Rutgers's silly Condoleezza Rice protest

What, exactly, did the Rutgers protesters think Rice might tell students that was so objectionable? Political figures do occasionally use their platform as a commencement speaker to push their own policy agenda. In 2013, Vice President Biden spoke to graduates of the University of Pennsylvania and made sure to hit on topics from climate change to gay marriage and immigration reform. Jon Huntsman’s 2011 commencement address at the University of South Carolina was viewed as a debut for his potential presidential bid; he used the occasion to tout the greatness of free market liberal democracy (and Ben Folds).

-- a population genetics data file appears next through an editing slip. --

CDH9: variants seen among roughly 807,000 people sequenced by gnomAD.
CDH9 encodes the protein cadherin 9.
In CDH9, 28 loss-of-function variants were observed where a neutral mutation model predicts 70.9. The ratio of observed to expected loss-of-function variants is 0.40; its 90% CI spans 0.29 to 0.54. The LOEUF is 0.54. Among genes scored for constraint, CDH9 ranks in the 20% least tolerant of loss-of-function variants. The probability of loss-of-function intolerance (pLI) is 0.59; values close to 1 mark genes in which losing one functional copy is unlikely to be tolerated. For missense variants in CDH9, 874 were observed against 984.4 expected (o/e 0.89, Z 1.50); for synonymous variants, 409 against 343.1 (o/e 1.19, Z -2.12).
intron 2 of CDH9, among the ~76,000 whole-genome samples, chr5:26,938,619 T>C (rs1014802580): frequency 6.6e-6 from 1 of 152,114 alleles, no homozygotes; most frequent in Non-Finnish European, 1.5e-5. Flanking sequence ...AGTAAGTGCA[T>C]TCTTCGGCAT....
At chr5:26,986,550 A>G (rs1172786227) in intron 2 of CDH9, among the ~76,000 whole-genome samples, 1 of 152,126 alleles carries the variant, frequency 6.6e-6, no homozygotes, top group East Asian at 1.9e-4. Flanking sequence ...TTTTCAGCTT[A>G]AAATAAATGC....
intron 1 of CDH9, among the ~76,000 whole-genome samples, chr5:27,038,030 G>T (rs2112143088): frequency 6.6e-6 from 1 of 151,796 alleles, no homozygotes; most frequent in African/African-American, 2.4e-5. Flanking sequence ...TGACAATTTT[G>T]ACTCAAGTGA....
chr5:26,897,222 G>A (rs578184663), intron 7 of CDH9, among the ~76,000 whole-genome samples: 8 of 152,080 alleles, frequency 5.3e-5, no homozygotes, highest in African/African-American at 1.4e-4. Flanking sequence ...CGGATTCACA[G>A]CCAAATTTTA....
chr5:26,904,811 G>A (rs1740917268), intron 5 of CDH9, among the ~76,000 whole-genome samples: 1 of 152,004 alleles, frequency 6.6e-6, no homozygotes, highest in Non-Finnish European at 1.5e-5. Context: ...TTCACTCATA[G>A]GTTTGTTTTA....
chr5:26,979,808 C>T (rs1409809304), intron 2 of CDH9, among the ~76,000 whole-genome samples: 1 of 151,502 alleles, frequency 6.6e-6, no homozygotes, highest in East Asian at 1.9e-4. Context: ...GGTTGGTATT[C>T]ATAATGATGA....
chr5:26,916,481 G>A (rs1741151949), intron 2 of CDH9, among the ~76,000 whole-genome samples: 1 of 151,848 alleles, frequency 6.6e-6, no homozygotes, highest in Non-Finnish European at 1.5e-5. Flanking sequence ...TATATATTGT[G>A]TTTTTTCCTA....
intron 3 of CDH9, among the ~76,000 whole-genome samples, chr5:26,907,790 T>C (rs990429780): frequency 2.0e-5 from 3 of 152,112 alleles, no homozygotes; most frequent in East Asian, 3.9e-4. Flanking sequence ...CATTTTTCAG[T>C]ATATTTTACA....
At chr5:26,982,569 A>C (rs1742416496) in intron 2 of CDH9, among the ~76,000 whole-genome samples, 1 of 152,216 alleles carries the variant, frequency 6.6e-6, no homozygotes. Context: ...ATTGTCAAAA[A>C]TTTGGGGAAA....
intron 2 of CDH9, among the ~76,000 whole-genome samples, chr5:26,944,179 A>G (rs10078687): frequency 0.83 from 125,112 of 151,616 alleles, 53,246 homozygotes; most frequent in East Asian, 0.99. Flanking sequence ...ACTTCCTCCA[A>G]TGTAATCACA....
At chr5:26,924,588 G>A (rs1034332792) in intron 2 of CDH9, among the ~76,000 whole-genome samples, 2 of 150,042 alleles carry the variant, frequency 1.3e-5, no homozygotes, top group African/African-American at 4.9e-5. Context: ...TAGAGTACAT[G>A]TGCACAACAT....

So yes, sometimes in graduation speeches, political types get a little bit political, and not everyone in the audience will agree. It might make sense to oppose a political speaker on the grounds that the views her or she will convey will clash with the values some students hold. (Imagine being a pro-life student at Barnard College and having your graduation capped off with a speech from the national head of Planned Parenthood, as is happening later this month?)

But the extent to which Rice’s prior speeches completely avoid any and all ideological agenda-pushing makes the Rutgers protests look downright ridiculous.